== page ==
Two peanut vendors at a rodeo show get in trouble with their boss and hide out on a railroad train heading west. They get jobs as cowboys on a dude ranch, despite the fact that neither of ...
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Two peanut vendors at a rodeo show get in trouble with their boss and hide out on a railroad train heading west. They get jobs as cowboys on a dude ranch, despite the fact that neither of them knows anything about cowboys, horses, or anything else. Written by
It's a pleasant enough film but a bit of a disappointment to Abbott and Costello fans.
Sadly, while this is billed as an Abbott and Costello film, like their earliest films, they really are supporting actors and there is a main love story that detracts from the comedy. Other than HOLD THAT GHOST, it wasn't until later that the boys truly were the stars of their films--no longer having to share the spotlight with an irrelevant love story that didn't involve them. As for Abbott and Costello, like in so many of these early films they just seem to be along for the ride and to provide some laughs.
In many ways, the main plot from RIDE 'EM COWBOY is obviously inspired by the Dick Powell film, COWBOY FROM BROOKLYN (1938). In COWBOY FROM BROOKLYN, Dick Powell plays a popular movie cowboy who really knows nothing about being a cowboy. Heck, he's even afraid of horses!! In RIDE 'EM COWBOY, Dick Foran plays a writer who writes cowboy novels and has developed a reputation as a great cowboy, though he doesn't know the first thing about it. So, unlike Powell, Foran sets out to learn what he can about roping and horses and the like. Ironically, Dick Foran is in both films!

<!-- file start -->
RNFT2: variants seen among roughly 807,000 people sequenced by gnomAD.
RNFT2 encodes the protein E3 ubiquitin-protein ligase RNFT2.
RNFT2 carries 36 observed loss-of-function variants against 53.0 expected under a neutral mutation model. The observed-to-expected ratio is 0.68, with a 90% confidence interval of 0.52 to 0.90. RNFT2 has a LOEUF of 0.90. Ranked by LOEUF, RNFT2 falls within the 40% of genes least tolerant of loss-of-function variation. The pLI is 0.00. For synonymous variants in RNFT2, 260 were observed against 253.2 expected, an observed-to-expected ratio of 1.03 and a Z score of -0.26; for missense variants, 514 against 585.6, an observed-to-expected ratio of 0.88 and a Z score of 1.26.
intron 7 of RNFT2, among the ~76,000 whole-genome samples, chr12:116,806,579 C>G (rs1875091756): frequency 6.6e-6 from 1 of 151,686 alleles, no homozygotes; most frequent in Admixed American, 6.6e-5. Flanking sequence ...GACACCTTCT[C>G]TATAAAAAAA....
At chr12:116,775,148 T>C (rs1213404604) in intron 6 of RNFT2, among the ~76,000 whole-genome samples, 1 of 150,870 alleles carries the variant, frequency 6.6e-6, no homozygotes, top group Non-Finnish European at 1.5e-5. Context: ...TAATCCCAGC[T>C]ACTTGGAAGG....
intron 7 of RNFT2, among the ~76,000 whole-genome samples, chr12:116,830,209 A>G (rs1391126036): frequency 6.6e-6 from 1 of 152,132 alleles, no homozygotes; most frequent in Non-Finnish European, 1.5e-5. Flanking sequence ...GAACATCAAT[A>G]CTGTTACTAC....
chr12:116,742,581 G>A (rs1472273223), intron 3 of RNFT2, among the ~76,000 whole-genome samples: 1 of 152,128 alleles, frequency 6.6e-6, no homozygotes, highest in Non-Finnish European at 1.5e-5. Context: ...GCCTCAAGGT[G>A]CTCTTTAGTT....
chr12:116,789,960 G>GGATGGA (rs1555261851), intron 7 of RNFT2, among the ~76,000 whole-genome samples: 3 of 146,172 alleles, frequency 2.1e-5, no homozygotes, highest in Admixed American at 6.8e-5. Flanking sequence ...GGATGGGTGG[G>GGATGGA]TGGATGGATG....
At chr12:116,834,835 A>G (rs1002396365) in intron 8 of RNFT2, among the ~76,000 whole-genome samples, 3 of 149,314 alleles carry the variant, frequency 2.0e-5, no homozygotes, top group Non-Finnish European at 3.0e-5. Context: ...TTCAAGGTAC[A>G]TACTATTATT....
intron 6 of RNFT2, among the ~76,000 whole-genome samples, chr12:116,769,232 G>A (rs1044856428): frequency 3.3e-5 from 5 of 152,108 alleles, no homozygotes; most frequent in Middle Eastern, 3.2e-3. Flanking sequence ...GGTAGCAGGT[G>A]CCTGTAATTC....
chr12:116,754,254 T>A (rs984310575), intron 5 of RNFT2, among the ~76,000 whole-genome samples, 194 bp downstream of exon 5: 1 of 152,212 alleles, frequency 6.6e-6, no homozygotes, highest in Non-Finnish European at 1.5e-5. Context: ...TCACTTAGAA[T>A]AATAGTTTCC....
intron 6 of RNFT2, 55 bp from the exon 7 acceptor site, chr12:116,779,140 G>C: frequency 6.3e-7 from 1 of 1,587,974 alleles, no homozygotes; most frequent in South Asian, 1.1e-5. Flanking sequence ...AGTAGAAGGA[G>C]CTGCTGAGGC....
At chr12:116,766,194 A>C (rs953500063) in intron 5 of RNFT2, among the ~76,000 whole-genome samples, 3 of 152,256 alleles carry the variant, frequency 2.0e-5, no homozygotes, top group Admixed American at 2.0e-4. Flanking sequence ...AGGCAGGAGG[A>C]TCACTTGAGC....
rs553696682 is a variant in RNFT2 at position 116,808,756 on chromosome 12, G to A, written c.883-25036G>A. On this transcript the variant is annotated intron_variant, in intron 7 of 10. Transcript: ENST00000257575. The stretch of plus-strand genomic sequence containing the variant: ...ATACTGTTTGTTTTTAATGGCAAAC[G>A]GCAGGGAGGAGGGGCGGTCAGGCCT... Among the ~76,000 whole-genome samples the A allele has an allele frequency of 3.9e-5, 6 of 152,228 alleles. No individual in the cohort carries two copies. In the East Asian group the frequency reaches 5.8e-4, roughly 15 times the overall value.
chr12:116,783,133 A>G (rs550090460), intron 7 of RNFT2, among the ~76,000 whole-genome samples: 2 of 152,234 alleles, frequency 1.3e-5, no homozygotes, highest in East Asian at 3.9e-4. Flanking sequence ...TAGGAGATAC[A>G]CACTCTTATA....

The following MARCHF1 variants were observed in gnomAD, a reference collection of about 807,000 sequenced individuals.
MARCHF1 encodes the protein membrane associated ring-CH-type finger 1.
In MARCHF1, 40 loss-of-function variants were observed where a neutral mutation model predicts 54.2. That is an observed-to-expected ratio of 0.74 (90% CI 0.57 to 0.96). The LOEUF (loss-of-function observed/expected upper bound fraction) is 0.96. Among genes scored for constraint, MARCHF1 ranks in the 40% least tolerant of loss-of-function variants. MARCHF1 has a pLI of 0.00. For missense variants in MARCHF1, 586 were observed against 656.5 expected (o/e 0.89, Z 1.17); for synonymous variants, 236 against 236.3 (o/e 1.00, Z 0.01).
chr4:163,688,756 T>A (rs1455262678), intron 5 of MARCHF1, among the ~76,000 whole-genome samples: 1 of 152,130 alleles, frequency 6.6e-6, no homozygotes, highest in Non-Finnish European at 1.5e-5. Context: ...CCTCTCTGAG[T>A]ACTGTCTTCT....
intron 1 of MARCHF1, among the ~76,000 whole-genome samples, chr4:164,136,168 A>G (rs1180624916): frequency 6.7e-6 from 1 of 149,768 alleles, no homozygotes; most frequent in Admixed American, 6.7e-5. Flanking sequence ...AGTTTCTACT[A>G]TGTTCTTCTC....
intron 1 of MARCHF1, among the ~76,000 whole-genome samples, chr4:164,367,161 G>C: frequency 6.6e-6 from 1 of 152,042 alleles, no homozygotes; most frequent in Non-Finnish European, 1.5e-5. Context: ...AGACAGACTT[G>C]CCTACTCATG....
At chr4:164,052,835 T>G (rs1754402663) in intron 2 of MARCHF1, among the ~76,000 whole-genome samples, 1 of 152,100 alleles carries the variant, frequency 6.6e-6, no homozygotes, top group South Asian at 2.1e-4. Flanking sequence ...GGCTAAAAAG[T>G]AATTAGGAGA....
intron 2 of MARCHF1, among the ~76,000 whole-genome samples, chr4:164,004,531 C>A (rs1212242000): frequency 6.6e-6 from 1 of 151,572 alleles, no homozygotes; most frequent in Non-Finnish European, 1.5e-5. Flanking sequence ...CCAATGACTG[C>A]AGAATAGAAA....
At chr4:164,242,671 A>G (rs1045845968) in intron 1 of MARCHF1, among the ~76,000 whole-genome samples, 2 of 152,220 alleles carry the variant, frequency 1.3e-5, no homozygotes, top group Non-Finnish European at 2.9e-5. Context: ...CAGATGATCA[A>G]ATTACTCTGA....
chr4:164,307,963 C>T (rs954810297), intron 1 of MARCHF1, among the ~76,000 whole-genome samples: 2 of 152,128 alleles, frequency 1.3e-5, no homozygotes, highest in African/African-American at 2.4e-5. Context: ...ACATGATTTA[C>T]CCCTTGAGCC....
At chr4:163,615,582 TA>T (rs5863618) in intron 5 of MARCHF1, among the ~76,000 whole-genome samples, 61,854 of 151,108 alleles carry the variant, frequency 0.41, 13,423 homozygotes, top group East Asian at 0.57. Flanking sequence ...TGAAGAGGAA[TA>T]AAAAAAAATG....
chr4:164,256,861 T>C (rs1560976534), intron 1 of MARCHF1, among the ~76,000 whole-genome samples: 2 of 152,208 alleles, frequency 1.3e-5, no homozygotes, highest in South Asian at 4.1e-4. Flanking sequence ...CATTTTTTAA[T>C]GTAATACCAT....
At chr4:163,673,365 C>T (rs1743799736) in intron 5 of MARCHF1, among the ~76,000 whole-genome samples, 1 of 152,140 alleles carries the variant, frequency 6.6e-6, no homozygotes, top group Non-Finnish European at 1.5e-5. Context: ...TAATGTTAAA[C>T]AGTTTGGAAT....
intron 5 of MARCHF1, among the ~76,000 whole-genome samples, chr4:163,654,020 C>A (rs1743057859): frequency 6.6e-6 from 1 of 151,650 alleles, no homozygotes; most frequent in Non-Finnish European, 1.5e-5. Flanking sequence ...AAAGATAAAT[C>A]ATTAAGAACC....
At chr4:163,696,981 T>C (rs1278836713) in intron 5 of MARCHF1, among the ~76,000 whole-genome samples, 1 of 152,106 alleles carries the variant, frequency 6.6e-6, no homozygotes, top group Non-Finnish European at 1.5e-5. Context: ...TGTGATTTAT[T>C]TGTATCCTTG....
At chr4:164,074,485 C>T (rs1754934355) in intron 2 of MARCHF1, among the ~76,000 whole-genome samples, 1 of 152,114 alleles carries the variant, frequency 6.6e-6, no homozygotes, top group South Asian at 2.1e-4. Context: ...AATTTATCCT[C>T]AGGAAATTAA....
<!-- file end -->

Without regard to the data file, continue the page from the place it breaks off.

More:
Another complaint I have about the film is that it has a lot of irrelevant music. Sure, Foran has a lovely voice as does Ella Fitzgerald (who appears out of no where to sing), but isn't this supposed to be a comedy?! Like too many of their early films for Universal, they are not only saddled with a romantic plot but too many songs that are just distractions. It seems insane to me that these executives were crazy as were the ones who forced the Marx Brothers, Laurel and Hardy (in a few films only) and other comedians to step back for these song and dance numbers.
Unfortunately, since so much time is devoted to these irrelevancies, the film really doesn't have all that much Abbott and Costello and the material they are given isn't their best stuff. As a result, it's a pleasant enough film but a disappointment to Abbott and Costello fans and is among the worst of their early films.
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